'Glee's' Max Adler on Karofsky's 'Incredibly Brave' Story (Q&A)
The actor tells THR what filming Tuesday's heartbreaking scene was like and what he hopes viewers take away from the episode.
[Warning: This story contains spoilers from Tuesday's "On My Way" episode.]
Max Adler's Dave Karofsky came full circle on Tuesday's Glee when his character attempted suicide after being outed and bullied by a football teammate at school.
For the character, it culminates a story line that dates back to Season 2 when the jock would harass and bully the openly gay Kurt (Chris Colfer) to the point of threatening his life, forcing him to transfer out of McKinley to escape the torment. Later, Dave forced a kiss with Kurt who realized that his tormenter is gay and struggling to come to terms with his sexual orientation.
For his part, Adler has used his recurring status with the Fox musical dramedy to speak out against bullying as part of the nonprofit organization City Hearts, and has joined the Trevor Project's It Gets Better campaign to encourage other LGBT that they're not alone. (Tuesday's episode also featured a PSA for Trevor.)
The Hollywood Reporter caught up with Adler to discuss what went into the powerful episode, which also shines a light on the dangers of cyber bullying, as well as what he hopes viewers take away from the hour.
The Hollywood Reporter: What kind of responsibility to the LGBT community do you feel playing this role?
Max Adler: I've talked to many people that have said how real that character is for them and how they see themselves as a Karofsky or they know a Karofsky or they knew a Karofsky. There is a responsibility to play that role and it's just an incredible honor. For this storyline, I'm thrilled that the writers went there.
On Glee, I think people will be a little, "How can you do this in a comedy show?" But to me, it's the paradox that you're showing high schoolers with their wide-open future and optimism and hope and they can do anything, but you can't show that without showing the struggles, fears and anxieties that one has about not knowing the next step or not knowing who you are or what to do. It's necessary to go there and to show that on TV so that you can appreciate the other side of things.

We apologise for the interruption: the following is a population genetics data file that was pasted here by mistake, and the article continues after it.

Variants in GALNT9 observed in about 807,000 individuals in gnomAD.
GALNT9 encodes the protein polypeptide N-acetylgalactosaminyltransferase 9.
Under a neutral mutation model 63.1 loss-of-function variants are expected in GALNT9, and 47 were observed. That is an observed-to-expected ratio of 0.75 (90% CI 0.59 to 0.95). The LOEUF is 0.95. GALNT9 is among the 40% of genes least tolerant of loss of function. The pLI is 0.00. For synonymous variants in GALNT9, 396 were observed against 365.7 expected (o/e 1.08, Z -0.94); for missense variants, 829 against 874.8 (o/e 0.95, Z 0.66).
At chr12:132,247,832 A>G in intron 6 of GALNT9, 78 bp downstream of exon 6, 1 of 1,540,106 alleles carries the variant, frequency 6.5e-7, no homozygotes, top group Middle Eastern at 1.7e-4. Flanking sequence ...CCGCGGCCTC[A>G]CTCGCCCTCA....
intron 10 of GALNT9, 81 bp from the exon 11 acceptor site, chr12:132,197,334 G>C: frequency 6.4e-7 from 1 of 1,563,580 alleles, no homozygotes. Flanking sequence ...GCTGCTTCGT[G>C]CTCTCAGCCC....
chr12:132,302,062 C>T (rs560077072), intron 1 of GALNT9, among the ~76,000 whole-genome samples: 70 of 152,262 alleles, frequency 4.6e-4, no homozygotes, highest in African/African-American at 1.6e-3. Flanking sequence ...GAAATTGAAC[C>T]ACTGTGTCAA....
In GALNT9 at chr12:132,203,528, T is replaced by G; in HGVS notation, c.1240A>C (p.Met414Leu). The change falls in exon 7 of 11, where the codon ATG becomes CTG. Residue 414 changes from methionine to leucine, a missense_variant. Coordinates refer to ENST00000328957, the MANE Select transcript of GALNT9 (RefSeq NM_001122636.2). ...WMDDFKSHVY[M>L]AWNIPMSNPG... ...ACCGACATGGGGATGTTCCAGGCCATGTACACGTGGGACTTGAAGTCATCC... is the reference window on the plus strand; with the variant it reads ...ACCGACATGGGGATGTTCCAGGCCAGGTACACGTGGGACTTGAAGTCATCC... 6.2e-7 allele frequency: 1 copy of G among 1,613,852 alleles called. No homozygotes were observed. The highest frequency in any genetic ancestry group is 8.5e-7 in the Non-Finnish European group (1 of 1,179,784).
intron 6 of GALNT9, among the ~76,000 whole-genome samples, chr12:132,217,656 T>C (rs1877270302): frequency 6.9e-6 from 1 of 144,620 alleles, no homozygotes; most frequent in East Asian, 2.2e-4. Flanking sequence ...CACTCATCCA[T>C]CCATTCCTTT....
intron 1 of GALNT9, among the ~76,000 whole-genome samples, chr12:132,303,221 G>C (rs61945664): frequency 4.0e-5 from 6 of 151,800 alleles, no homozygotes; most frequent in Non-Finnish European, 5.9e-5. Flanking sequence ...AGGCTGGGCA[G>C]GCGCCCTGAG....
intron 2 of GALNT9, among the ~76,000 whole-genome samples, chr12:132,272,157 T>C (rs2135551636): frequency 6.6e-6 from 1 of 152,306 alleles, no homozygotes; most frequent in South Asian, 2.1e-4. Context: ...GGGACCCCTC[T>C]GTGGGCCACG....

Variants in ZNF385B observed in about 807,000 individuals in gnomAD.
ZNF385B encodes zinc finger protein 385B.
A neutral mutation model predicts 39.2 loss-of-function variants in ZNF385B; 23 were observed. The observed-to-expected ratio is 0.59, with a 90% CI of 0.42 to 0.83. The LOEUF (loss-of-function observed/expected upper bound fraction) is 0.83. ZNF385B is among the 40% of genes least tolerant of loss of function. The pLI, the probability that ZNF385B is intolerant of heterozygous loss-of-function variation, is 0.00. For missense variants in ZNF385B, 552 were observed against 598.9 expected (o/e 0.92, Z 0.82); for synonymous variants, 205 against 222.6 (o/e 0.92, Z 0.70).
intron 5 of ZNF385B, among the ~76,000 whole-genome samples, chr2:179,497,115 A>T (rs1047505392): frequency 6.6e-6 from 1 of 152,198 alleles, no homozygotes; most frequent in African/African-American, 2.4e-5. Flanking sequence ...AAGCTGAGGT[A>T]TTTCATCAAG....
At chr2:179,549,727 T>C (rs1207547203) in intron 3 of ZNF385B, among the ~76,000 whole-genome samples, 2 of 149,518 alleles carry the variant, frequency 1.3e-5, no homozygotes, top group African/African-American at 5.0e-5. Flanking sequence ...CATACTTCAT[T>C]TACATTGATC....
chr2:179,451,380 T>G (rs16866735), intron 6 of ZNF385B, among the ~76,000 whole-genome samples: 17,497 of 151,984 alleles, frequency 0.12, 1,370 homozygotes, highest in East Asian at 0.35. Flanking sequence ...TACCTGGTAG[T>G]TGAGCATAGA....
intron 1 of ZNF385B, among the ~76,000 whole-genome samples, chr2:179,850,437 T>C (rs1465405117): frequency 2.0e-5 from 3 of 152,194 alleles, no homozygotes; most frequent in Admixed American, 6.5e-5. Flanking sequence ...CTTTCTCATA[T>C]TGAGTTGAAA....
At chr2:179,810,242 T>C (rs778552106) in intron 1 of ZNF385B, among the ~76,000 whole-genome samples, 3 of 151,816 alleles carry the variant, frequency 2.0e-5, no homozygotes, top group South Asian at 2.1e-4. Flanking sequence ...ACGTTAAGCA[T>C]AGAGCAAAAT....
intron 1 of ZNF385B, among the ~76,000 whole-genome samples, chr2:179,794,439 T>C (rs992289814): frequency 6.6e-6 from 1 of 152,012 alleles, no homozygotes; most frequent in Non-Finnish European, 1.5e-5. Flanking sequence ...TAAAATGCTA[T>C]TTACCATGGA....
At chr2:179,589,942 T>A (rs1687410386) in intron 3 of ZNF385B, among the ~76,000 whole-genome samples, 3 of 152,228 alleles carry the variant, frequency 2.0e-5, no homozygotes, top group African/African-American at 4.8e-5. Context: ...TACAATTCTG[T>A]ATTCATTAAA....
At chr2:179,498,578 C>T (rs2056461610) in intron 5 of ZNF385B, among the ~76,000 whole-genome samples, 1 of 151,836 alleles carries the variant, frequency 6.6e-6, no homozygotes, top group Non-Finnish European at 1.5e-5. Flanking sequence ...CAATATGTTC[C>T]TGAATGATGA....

THR: How much of Karofsky's storyline were you aware when you got the call to return?
Adler: There was never a discussion about the storyline. It's incredibly brave on their part to push the envelope and treat this character with the integrity and the honesty that he deserves and to show the struggle and then the outcome of hope when you see his life 10 years into the future with somebody who loves him for who he is. That's the important message to see: there will be somebody out there who will accept and love you for your true self and to not worry about society's limitations and what people expect of you; it's OK to be who you are and you can be happy with that.
Beyond relating to people who are bullied or are contemplating suicide, it was also important to show how teachers, peers and coaches all saw these warning signs but because of society's limitations and the fear of talking about things openly and freely, no one really stepped up. Even in the locker room, everyone teams up against him and if just one or two of those guys would have had Dave's back, it would have been a completely different outcome. We're all in this world together; let's drown out the negative voices and be positive and teach people that it is OK to be your true self.
THR: Considering your involvement with City Hearts and Trevor Project's It Gets Better campaigns, what was your first reaction when you read the script?
Adler: It was a complete rainbow of emotions when I read it. There's excitement of being able to send a message like this into the world when people really need it and need to be spoken to honestly. It comes with the fear of representing it honestly and accurately. There was a lot of work, prep, research and discussions with director Brad Buecker about the best and most honest way to tell this story. Before we shot the bedroom scene, it was a closed set; it was just me, the director and a few crewmembers and we sat down in the bedroom and looked at everything and talked about what this means and what this kid's going through and his mindset.
THR: Why was it important for Glee to acknowledge cyber bullying?
Adler: He sees his worst fears are realized in that [his sexuality is] out there now. In doing my work with City Hearts and It Gets Better, I'm finding that it's more harmful than face-to-face bullying. People behind a computer can be meaner with what they're saying because they're not seeing the repercussions face-to-face and they don't have to deal with seeing someone heartbroken and crushed. It's really scary and that's why they wrote it into the script: cyber bullying has become an epidemic.